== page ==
What Lines Will the Boston Bruins Roll This Season?
After an offseason in which Boston Bruins general manager Peter Chiarelli basically kept the band together–aside from a few subtractions, some additions and of course the well-publicized departure of Tim Thomas–NHL.com has predicted what the forward lines and defensive pairs for the Bruins might look like this season. Plus, a look at the goaltending tandem.
With Nathan Horton having received a clean bill of health and the green light to participate in training camp, that means the top line of Milan Lucic on the left, David Krejci at center and Horton on the right should be reunited. When Horton was out of the lineup last season, the team suffered, putting together fewer goals per game and a less-than-stellar record. Lucic and Krejci often struggled as well, especially in the playoffs, although Krejci did have that injury from a pane of glass to deal with as well. Regardless, with Horton back on the right wing, here’s to more goals like this:
Considering their production and chemistry from last season, it’s gotta be Brad Marchand on the left, Patrice Bergeron at center and Tyler Seguin on the right. Three of the team’s top goal-scorers (including Seguin’s 29 goals), two of the team’s top assist-givers (including Bergeron’s 42 helpers), the team’s one honey badger or little ball of hate, depending on who you ask, the 2012 Selke Trophy winner and the 2012 Seventh Man Award winner all on one line–it’s a thing of beauty, as Andy Brickley might say, or the best-looking line in the NHL, as Marchand might say. Some proof of how well these guys work together:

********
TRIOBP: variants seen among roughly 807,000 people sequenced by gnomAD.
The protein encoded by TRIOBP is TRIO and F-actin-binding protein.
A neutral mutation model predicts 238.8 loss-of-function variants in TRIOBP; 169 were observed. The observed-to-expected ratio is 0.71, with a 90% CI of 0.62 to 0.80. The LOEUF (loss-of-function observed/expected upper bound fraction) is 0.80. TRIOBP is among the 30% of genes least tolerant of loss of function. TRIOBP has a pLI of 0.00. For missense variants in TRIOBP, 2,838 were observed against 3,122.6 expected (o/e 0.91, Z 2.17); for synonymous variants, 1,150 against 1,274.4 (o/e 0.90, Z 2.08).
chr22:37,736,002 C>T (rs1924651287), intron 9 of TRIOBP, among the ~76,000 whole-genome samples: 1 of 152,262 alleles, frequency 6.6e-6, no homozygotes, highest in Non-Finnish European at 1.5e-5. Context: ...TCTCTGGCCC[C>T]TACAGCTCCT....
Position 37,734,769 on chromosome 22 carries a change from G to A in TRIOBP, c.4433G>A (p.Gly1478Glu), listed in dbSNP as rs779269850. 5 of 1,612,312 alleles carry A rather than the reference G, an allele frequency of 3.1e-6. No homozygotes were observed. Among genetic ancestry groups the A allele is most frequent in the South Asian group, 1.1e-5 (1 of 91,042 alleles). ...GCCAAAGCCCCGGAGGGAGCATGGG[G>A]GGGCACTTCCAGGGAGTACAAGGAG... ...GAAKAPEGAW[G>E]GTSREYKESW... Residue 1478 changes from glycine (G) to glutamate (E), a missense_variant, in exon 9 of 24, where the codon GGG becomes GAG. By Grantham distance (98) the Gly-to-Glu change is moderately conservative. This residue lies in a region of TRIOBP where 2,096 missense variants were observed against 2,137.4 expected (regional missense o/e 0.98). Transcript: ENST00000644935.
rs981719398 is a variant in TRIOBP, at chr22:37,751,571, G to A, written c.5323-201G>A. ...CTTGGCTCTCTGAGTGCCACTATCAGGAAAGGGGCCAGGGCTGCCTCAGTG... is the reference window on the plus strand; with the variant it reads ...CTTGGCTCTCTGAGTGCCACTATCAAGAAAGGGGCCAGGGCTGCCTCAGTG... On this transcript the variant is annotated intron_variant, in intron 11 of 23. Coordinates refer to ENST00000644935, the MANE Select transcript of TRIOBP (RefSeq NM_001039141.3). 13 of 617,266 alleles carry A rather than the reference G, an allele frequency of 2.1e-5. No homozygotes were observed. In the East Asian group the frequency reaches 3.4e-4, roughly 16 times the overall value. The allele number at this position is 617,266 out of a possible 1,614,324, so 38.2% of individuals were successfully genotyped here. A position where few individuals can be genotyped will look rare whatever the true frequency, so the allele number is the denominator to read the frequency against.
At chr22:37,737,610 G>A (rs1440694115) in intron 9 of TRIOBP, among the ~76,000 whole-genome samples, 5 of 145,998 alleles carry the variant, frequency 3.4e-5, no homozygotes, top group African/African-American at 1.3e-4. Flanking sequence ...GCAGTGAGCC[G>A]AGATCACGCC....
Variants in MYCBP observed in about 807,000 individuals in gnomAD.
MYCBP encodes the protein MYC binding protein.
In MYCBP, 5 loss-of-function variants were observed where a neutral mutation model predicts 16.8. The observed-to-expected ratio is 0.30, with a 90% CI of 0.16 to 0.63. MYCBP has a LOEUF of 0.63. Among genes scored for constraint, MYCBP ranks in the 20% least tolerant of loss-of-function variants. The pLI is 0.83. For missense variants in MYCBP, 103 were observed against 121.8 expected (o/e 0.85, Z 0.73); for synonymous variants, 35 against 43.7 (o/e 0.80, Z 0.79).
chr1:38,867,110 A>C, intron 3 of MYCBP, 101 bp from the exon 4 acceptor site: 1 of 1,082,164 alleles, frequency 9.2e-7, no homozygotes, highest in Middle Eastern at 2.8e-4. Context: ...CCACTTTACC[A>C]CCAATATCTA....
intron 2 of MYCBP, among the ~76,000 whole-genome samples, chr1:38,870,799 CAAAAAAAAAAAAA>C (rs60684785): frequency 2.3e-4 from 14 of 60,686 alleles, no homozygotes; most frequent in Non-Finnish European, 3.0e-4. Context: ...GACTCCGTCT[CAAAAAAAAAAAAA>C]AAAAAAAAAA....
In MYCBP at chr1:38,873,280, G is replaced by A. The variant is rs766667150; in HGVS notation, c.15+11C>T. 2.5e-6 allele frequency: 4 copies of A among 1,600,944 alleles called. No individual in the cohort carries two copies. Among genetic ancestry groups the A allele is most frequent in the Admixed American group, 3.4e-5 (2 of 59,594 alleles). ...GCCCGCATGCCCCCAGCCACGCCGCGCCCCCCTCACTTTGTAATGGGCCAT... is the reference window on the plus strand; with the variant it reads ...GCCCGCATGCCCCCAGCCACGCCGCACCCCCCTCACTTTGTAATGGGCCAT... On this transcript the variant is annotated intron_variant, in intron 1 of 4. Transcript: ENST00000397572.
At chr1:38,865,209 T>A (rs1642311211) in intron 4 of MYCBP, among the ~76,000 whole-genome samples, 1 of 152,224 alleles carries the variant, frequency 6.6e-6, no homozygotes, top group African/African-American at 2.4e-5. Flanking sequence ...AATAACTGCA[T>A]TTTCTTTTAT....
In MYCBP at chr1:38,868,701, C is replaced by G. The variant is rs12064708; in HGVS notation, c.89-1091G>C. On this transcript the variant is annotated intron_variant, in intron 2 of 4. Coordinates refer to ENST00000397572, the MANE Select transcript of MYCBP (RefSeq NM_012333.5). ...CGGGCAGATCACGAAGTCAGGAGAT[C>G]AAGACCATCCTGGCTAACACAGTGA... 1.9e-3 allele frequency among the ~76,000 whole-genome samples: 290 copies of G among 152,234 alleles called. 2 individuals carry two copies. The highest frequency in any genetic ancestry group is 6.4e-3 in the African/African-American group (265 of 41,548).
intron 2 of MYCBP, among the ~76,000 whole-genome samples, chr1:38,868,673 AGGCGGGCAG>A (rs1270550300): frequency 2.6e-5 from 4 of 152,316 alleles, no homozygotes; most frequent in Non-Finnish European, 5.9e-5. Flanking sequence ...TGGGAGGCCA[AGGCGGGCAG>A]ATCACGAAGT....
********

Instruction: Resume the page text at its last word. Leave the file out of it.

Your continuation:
The third line saw some personnel changes last season, but worked well when Benoit Pouliot and Brian Rolston were with Chris Kelly. Now that Pouliot is off to Tampa and Rolston isn’t expected to return, though, the third line is due for another change. Kelly is still around, as is Rich Peverley, who won’t need to be a substitute on the top line anymore with a healthy Horton around, so he’ll come back to third line. Jordan Caron, who’s played mostly in Providence but has seen some NHL experience, is probably going to come up here, so it’s Peverley on the left, Kelly at center and Caron on the right. The funny thing is that NHL.com predicts Peverley’s production will decrease because he’s on the third line. Once again, to me this feels like a case of them underestimating what Boston can do with its third line, things like this:
The only things that are guaranteed in life are death and taxes. But if you’re a Bruins fan, you added Merlot at the end there because it’s true–the Merlot Line never dies. All three members of the Merlot Line got new contracts this year, so that’s Shawn Thornton on the left, Gregory Campbell at center and Daniel Paille on the right. All three can chip in with timely goals and assists and all three can drop the gloves if need be, though of course that’s Thornton’s specialty. Still, they can all put things on the scoreboard:
The pool of forwards to draw from in case of injury or suspension is a deep one. It would be especially fun to see Chris Bourque take the ice playing for the same team on which his dad Ray was legendary. Similarly, Christian Hanson would be fun to see on Bruins ice–expect a few fans to show up dressed as Johnstown Chiefs players if that happens. Carter Camper got some NHL experience last season, Lane MacDermid‘s a good choice for a tough guy, Ryan Spooner or Jared Knight could be promising if inexperienced above junior level and Max Sauve might want a chance to actually score points for the Bruins, which he didn’t do last year.